Full text: The Department of Labor and Industry

Because of the special phases of its activities and the appeal that its 
work makes to women and the public generally, the Bureau has tried 
to cooperate with, and secure the interest of all individuals and groups 
n the Commonwealth interested in improving the conditions under 
which women and children are employed in industry. The publications 
»f the Bureau are sent regularly to a special mailing list that is eom- 
prehensive and general in its representation. Representatives of the 
Bureau speak to groups of women throughout the Commonwealth on 
the activities of the Bureau and various phases of industrial relations. 
The public has been educated to come direct to the Bureau with com- 
plaints in the matter of violation of the Woman's or Child Labor Laws 
and for all material on any phase of the subject that the Bureau has 
surveyed. If women and children are to be protected in industry, it 
is essential that the public understand the laws at present on the 
statute books and the need for revision and amendment as it develops 
and appears. Such information the Bureau at all times seeks to dis- 
A number of important conferences have been held under the diree- 
tion of the Bureau at which problems pertaining to industry have been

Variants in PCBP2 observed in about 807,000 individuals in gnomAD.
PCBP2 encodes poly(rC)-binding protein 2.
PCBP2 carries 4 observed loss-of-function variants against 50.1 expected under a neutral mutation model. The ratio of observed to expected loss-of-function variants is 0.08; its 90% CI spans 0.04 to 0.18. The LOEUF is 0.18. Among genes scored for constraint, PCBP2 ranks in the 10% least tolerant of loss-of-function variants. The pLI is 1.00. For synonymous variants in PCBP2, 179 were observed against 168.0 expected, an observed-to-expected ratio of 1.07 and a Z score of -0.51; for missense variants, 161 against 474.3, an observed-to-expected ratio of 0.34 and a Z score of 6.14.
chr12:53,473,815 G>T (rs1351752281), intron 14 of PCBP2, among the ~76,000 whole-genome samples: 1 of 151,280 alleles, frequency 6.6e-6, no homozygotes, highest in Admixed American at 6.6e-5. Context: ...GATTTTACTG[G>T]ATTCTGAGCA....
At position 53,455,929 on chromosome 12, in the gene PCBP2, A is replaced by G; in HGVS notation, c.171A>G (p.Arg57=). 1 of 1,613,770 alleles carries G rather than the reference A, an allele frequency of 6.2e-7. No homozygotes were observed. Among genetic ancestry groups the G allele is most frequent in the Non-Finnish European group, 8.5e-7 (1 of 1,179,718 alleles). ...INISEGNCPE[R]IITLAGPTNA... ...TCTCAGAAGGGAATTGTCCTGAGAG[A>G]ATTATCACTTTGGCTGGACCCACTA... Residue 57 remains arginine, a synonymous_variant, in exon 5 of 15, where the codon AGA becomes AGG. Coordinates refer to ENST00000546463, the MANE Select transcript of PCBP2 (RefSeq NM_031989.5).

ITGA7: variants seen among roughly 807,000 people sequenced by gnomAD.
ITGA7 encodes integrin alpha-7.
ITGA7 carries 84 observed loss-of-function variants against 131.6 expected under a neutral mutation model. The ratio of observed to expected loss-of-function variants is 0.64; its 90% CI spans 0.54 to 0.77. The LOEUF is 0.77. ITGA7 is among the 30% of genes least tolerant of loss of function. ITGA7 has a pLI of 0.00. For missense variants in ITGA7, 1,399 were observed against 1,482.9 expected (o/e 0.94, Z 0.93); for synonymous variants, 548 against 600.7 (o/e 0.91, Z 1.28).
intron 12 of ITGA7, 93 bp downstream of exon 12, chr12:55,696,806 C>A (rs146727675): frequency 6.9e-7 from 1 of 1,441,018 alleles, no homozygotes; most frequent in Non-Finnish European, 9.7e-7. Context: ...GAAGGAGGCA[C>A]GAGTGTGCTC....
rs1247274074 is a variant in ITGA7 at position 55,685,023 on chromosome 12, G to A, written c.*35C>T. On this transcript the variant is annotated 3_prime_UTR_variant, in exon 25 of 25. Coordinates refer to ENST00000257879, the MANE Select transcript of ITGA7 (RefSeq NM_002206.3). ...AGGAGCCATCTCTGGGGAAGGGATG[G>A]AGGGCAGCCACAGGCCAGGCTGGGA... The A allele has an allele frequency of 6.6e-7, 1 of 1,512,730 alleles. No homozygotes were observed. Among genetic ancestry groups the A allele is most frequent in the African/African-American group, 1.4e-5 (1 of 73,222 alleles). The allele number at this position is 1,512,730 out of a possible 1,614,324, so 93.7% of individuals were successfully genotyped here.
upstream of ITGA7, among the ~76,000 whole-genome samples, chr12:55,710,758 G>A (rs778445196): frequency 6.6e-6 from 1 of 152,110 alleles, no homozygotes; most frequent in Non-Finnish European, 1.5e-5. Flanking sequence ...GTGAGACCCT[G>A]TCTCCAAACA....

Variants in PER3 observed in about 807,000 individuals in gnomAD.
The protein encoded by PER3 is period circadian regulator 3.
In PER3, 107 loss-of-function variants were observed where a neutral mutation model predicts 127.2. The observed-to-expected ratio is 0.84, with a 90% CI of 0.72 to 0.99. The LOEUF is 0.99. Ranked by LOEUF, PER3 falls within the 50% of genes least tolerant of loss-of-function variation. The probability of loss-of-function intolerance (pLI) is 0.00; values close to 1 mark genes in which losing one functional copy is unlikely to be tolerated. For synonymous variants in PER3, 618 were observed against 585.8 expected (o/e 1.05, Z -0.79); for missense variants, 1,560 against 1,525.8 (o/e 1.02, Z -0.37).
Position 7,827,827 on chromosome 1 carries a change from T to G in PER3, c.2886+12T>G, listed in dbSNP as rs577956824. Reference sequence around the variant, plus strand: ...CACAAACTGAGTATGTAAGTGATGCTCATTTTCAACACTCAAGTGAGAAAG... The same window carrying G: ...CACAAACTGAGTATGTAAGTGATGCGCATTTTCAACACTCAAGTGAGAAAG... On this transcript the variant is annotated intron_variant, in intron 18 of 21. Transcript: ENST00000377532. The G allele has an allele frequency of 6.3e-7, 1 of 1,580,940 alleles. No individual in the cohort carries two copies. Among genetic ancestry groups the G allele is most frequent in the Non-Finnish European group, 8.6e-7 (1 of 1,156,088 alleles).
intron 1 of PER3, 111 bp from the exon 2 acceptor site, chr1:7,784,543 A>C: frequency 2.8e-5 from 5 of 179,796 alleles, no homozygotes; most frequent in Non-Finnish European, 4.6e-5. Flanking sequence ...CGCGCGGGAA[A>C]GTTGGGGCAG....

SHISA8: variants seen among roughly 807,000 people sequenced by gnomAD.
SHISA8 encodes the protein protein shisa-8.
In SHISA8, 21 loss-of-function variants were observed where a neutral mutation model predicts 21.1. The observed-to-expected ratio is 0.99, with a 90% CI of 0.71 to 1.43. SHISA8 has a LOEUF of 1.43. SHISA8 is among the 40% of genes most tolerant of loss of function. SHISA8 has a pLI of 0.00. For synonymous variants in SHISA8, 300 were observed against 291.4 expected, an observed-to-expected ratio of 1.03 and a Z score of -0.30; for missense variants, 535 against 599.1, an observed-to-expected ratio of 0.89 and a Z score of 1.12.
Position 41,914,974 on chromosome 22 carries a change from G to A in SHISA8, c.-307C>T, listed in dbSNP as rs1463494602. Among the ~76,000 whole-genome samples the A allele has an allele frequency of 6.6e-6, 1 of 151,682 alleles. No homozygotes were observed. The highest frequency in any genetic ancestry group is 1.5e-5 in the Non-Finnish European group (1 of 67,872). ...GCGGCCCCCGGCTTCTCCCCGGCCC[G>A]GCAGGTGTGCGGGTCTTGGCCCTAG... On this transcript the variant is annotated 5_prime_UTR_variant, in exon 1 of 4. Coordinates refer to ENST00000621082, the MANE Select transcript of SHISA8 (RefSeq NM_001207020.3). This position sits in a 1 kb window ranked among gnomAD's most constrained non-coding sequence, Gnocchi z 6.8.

~onsidered and discussed from the point of view of a specialist or highly 
trained worker. Such a conference was the Conference on Women in 
Industry held in December, 1925. Another was the joint conference by 
the Department of Public Instruction and the Department of Labor 
and Industry held in April, 1926, to discuss phases of the Child Labor 
Law for which these Departments are jointly responsible. In June 
of 1927, a third conference on Industrial Nursing was held and in 
March of 1928, under the leadership of the Bureau, the industrial 
secretaries of the Y. W. C. A’s of the Commonwealth came together 
for an informal discussion of industrial problems. 
The Bureau faces the future conscious of its responsibilities. Woman 
has become an increasingly important factor in our industrial life. Our 
machine age presents ever changing problems which render more im- 
portant the need for safeguarding women and children in industry and 
guarding the conditions under which they work. In the solution of 
these problems, this Bureau must continue to assume intelligent leader- 

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